The country has truly stepped up its anti-piracy efforts significantly in recent time. In the months around New Year the Nigerian Film Censor publicly burnt pirate DVDs with a street value running into millions of dollars. “However, the burning has devastating effects on the environment (such as poisoning the groundwater),” she acknowledges, “hence I am trying to get some contacts of people who are experts in the DVD field and know of environmentally safe ways to discard of them.” There are shredders that can safely destroy CDs and DVD, she says, “but since we are talking about millions of DVDs, only industrial shredders would be an option and those aren’t available in Nigeria. Buying them isn’t an option due to budget restrictions.”
Paying a price for doing the right thing?
Even as countries like Nigeria and Kenya are trying to rebuild their cinema infrastructure and create a market for domestic films, they risk poisoning the very ground under their feet by trying to battle illegal forms of film consumption. “Ideally, and in my little world of unicorns and elves, I would like to find a studio(s), philanthropist, etc. who would be willing to supply the shredders for free and ship them to Nigeria,” Heike says. The alternative would be to find another solution of discarding the pirate DVDs in an environmentally friendly manner [Ed: such as commercial reclamation of plastic and aluminium elements].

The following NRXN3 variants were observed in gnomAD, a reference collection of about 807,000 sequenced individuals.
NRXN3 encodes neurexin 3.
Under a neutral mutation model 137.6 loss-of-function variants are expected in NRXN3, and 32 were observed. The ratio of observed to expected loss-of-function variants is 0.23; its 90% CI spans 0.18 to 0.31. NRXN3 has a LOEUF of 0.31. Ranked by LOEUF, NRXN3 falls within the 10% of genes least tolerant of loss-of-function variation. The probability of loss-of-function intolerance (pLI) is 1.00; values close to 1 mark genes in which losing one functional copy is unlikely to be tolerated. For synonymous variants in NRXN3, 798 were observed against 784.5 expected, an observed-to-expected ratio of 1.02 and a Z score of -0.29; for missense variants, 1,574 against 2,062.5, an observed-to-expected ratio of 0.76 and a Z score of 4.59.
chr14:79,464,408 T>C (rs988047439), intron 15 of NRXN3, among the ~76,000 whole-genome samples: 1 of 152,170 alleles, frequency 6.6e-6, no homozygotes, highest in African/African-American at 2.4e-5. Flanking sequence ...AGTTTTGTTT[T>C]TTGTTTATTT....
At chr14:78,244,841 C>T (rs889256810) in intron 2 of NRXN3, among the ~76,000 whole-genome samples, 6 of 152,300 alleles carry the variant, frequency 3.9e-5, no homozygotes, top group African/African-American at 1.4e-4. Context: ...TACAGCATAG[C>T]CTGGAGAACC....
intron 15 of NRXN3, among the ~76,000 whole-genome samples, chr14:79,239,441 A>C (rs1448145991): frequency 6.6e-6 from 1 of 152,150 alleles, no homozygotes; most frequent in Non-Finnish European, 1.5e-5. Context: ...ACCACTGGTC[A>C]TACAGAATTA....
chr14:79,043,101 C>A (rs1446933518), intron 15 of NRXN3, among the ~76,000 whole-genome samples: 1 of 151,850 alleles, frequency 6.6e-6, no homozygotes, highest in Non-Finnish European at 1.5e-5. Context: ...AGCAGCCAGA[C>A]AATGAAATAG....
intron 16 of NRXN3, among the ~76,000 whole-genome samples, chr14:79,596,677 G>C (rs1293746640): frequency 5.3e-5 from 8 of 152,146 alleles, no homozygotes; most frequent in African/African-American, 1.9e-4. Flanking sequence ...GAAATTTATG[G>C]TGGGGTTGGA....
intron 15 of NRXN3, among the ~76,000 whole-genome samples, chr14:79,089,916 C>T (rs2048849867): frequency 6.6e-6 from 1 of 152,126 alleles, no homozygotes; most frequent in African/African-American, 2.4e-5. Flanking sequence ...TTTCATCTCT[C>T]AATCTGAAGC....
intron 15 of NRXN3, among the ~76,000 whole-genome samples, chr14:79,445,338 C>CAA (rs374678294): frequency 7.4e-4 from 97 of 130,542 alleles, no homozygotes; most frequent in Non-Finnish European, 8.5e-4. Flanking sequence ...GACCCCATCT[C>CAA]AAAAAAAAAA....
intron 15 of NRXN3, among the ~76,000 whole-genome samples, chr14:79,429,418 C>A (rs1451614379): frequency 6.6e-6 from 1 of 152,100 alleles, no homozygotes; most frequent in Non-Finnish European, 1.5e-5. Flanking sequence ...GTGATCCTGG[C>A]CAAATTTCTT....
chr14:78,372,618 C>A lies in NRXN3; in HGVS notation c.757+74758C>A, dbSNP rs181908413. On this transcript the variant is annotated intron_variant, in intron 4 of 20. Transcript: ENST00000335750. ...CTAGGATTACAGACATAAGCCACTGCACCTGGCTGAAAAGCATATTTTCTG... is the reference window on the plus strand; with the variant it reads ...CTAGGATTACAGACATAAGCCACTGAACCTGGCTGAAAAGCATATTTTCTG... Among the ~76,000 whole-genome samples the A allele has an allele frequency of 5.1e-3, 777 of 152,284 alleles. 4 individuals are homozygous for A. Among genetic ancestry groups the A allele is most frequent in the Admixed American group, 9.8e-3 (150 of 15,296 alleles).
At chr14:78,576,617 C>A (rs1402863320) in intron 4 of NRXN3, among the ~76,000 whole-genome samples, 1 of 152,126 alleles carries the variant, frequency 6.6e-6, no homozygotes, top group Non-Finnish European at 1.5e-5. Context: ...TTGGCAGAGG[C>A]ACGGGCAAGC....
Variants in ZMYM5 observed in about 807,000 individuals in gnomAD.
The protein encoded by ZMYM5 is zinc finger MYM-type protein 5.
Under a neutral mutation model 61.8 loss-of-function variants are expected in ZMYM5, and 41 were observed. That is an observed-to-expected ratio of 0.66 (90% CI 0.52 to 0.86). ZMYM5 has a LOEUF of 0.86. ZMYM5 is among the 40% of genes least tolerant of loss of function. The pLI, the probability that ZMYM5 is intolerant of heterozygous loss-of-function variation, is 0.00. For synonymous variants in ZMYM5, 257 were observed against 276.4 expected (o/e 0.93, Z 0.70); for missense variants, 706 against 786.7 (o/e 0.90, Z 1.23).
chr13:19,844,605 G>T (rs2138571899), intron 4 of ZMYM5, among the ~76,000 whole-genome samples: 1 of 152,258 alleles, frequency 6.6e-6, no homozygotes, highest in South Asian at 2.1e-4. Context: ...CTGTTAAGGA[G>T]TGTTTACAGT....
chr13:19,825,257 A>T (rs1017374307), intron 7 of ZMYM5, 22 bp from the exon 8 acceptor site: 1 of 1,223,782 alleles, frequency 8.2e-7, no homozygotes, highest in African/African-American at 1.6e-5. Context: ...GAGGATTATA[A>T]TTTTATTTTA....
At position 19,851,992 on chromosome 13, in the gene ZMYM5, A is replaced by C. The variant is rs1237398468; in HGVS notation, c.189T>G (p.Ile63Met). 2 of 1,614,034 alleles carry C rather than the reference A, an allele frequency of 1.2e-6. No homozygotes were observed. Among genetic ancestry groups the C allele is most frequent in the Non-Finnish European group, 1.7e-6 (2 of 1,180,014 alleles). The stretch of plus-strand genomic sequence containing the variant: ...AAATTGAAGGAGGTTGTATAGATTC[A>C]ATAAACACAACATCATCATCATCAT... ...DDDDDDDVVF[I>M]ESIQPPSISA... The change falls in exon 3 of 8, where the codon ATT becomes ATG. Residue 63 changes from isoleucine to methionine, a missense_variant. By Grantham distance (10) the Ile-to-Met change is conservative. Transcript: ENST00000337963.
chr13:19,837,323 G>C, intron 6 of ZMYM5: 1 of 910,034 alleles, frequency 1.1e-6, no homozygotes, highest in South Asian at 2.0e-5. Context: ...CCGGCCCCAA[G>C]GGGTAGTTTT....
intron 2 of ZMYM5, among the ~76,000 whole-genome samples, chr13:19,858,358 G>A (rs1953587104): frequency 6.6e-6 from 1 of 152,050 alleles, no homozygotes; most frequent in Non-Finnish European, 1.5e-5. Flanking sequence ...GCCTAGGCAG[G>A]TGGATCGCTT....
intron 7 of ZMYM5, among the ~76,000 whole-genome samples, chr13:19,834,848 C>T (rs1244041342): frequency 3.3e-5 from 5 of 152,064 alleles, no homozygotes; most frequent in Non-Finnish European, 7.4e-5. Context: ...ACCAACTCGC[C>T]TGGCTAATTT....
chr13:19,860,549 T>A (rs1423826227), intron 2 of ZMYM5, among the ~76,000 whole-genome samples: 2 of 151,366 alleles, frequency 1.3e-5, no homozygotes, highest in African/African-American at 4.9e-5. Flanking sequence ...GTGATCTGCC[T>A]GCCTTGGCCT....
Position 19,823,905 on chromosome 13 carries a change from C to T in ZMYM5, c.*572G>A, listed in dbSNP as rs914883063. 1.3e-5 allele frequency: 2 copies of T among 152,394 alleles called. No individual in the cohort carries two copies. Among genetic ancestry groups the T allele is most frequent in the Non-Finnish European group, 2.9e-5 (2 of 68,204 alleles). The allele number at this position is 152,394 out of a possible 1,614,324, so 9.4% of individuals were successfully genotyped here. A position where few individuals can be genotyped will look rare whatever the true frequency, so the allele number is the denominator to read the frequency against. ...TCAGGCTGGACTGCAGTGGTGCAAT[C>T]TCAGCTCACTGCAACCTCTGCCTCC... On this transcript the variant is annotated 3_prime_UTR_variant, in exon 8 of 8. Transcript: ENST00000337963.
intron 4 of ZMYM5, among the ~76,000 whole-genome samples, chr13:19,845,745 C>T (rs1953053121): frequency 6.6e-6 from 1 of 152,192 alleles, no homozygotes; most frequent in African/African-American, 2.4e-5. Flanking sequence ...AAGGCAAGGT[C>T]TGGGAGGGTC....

“For studios, this gesture of support and recognition would be good publicity,” Heike says, “and with this very act they would recognise Nigeria’s effort of combating piracy. This in itself would be very empowering. Not to mention the possibilities of building a bridge between Hollywood and Nollywood. The opportunities could be endless…” she trails off.
While there are thus reasons for optimism that countries like Kenya and Nigeria are rebuilding their cinema infrastructure themselves, it would serve the interest of Hollywood as well to make sure that the next “Black Panther” film is seen legitimately in an IMAX or another big screen, while the illegal copies of it do not contribute to the environmental damage to the continent.
If anyone reading this thinks they can help, get in touch with us. The higher up the better.
Tackling toxic piracy
One thing that unites all cinemas across Africa is the scourge of piracy. The closure of the single-screen cinemas across the continent in the 1980s and 1990s can be directly traced to the rise of optical disc piracy and the illegal video parlours that played both local and international content. There was simply no way a commercial cinema could compete with a CRT television set and a DVD player in a shanty town shack in Nairobi, Lagos, Marrakesh or Soweto. Even as cinemas have made a return thanks to the growth of malls in many African cities, the arrival of IMAX and some brave entrepreneurs, the illegal disc piracy continues. Authorities across the continent are starting to take a range of actions. In South Africa, the producers of the Oscar-nominated “Tsotsi” themselves sold copies of their film on discs amongst the pirates, except with the twist that after 15 minutes of the film the screen went black and a message thanking the viewer for having helped to pay for the film was played — the next on-screen message urged them to go and see the rest of it in a regular cinema.